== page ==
Keyword
Cell biology, Endothelium, ICPL, Ionizing radiation, Senescence
National Category
Biochemistry and Molecular Biology
Identifiers
urn:nbn:se:su:diva-89869 (URN)10.1002/pmic.201200463 (DOI)000317290000006 ()
Note

AuthorCount:9;

Available from: 2013-05-14 Created: 2013-05-14 Last updated: 2017-12-06Bibliographically approved
2. The PI3K/Akt/mTOR Pathway Is Implicated in the Premature Senescence of Primary Human Endothelial Cells Exposed to Chronic Radiation
Open this publication in new window or tab >>The PI3K/Akt/mTOR Pathway Is Implicated in the Premature Senescence of Primary Human Endothelial Cells Exposed to Chronic Radiation
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2013 (English)In: PLoS ONE, ISSN 1932-6203, E-ISSN 1932-6203, Vol. 8, no 8, e70024- p.Article in journal (Refereed) Published
Abstract [en]

The etiology of radiation-induced cardiovascular disease (CVD) after chronic exposure to low doses of ionizing radiation is only marginally understood. We have previously shown that a chronic low-dose rate exposure (4.1 mGy/h) causes human umbilical vein endothelial cells (HUVECs) to prematurely senesce. We now show that a dose rate of 2.4 mGy/h is also able to trigger premature senescence in HUVECs, primarily indicated by a loss of growth potential and the appearance of the senescence-associated markers ß-galactosidase (SA-ß-gal) and p21. In contrast, a lower dose rate of 1.4 mGy/h was not sufficient to inhibit cellular growth or increase SA-ß-gal-staining despite an increased expression of p21. We used reverse phase protein arrays and triplex Isotope Coded Protein Labeling with LC-ESI-MS/MS to study the proteomic changes associated with chronic radiation-induced senescence. Both technologies identified inactivation of the PI3K/Akt/mTOR pathway accompanying premature senescence. In addition, expression of proteins involved in cytoskeletal structure and EIF2 signaling was reduced. Age-related diseases such as CVD have been previously associated with increased endothelial cell senescence. We postulate that a similar endothelial aging may contribute to the increased rate of CVD seen in populations chronically exposed to low-dose-rate radiation.

National Category
Biochemistry and Molecular Biology Cell Biology
Identifiers
urn:nbn:se:su:diva-92780 (URN)10.1371/journal.pone.0070024 (DOI)000324518400032 ()
Available from: 2013-08-20 Created: 2013-08-20 Last updated: 2017-12-06Bibliographically approved
3. PPAR Alpha: A Novel Radiation Target in Locally Exposed Mus musculus Heart Revealed by Quantitative Proteomics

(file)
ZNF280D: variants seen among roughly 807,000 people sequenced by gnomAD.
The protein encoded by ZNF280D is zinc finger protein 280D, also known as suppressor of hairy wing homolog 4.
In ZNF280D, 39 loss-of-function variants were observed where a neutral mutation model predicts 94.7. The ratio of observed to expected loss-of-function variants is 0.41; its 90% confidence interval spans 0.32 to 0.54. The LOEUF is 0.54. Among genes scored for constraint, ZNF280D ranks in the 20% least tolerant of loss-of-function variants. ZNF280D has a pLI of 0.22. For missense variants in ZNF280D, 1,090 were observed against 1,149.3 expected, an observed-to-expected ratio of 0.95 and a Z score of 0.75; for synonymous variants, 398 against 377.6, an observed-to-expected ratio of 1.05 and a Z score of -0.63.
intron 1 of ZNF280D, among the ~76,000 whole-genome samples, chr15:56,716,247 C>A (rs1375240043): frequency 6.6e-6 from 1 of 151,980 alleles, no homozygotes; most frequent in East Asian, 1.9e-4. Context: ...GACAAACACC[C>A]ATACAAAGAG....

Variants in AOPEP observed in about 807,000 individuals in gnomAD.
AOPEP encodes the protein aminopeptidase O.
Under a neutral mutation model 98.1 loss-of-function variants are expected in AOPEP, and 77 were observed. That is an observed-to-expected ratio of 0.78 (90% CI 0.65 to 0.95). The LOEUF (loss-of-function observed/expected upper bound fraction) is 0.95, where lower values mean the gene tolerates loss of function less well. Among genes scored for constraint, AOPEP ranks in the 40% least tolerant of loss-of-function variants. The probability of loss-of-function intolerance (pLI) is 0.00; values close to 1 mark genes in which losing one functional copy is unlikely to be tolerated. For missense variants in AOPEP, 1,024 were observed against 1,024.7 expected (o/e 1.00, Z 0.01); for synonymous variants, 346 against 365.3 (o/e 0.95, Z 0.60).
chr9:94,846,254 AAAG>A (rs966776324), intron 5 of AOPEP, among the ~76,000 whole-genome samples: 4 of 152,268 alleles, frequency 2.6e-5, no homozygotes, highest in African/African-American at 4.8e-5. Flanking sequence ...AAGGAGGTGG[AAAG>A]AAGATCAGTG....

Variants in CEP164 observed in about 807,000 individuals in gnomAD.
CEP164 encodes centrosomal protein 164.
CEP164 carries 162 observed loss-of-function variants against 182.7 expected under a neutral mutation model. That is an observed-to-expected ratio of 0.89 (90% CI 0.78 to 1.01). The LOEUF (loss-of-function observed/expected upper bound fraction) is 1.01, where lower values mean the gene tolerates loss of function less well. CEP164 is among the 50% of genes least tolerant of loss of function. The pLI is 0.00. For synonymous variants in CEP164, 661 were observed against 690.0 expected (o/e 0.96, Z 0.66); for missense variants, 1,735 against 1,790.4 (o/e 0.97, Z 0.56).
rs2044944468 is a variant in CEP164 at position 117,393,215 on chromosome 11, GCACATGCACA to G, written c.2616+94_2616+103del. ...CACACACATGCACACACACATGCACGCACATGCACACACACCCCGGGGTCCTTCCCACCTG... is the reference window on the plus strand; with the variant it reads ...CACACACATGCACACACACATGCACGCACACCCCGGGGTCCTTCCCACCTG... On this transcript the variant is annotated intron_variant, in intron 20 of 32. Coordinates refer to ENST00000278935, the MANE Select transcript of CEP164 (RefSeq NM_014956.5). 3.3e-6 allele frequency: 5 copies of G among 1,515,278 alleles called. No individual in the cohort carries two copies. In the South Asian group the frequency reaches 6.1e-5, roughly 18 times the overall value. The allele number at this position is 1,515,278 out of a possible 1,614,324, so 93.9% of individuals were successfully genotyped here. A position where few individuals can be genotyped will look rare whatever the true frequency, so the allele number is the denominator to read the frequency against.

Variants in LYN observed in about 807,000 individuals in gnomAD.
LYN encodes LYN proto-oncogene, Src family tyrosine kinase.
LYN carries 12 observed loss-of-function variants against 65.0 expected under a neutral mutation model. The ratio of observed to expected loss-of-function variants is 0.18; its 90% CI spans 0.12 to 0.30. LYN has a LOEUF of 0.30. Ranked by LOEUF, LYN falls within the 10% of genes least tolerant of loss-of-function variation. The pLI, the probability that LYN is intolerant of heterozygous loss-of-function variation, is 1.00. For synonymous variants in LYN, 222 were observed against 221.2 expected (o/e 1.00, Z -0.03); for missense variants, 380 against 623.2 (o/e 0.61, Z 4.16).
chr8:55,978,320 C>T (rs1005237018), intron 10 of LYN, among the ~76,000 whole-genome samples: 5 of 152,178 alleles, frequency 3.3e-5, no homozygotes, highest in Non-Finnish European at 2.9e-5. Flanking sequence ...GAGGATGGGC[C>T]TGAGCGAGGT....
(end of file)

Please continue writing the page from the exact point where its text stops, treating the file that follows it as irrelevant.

Open this publication in new window or tab >>PPAR Alpha: A Novel Radiation Target in Locally Exposed Mus musculus Heart Revealed by Quantitative Proteomics
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2013 (English)In: Journal of Proteome Research, ISSN 1535-3893, E-ISSN 1535-3907, Vol. 12, no 6, 2700-2714 p.Article in journal (Refereed) Published
Abstract [en]

Radiation exposure of the thorax is associated with a markedly increased risk of cardiac morbidity and mortality with a latency period of decades. Although many studies have confirmed the damaging effect of ionizing radiation on the myocardium and cardiac endothelial structure and function, the molecular mechanism behind this damage is not yet elucidated. Peroxisome proliferator-activated receptor alpha (PPAR alpha), a transcriptional regulator of lipid metabolism in heart tissue, has recently received great attention in the development of cardiovascular disease. The goal of this study was to investigate radiation-induced cardiac damage in general and the role of PPAR alpha in this process in particular. C57BL/6 mice received local heart irradiation with X-ray doses of 8 and 16 gray (Gy) at the age of 8 weeks. The mice were sacrificed 16 weeks later. Radiation-induced changes in the cardiac proteome were quantified using the Isotope Coded Protein Label (ICPL) method followed by mass spectrometry and software analysis. Significant alterations were observed in proteins involved in lipid metabolism and oxidative phosphorylation. Ionizing radiation markedly changed the phosphorylation and ubiquitination status of PPAR alpha. This was reflected as decreased expression of its target genes involved in energy metabolism and mitochondrial respiratory chain confirming the proteomics data. This study suggests that persistent alteration of cardiac metabolism due to impaired PPAR alpha activity contributes to the heart pathology after radiation.

Keyword
ionizing radiation, proteomics, ICPL, PPAR alpha, endothelial cell, heart, cardiovascular disease
National Category
Biochemistry and Molecular Biology
Identifiers
urn:nbn:se:su:diva-90482 (URN)10.1021/pr400071g (DOI)000320298600032 ()
Note

AuthorCount: 12;

Available from: 2013-06-05 Created: 2013-06-05 Last updated: 2017-12-06Bibliographically approved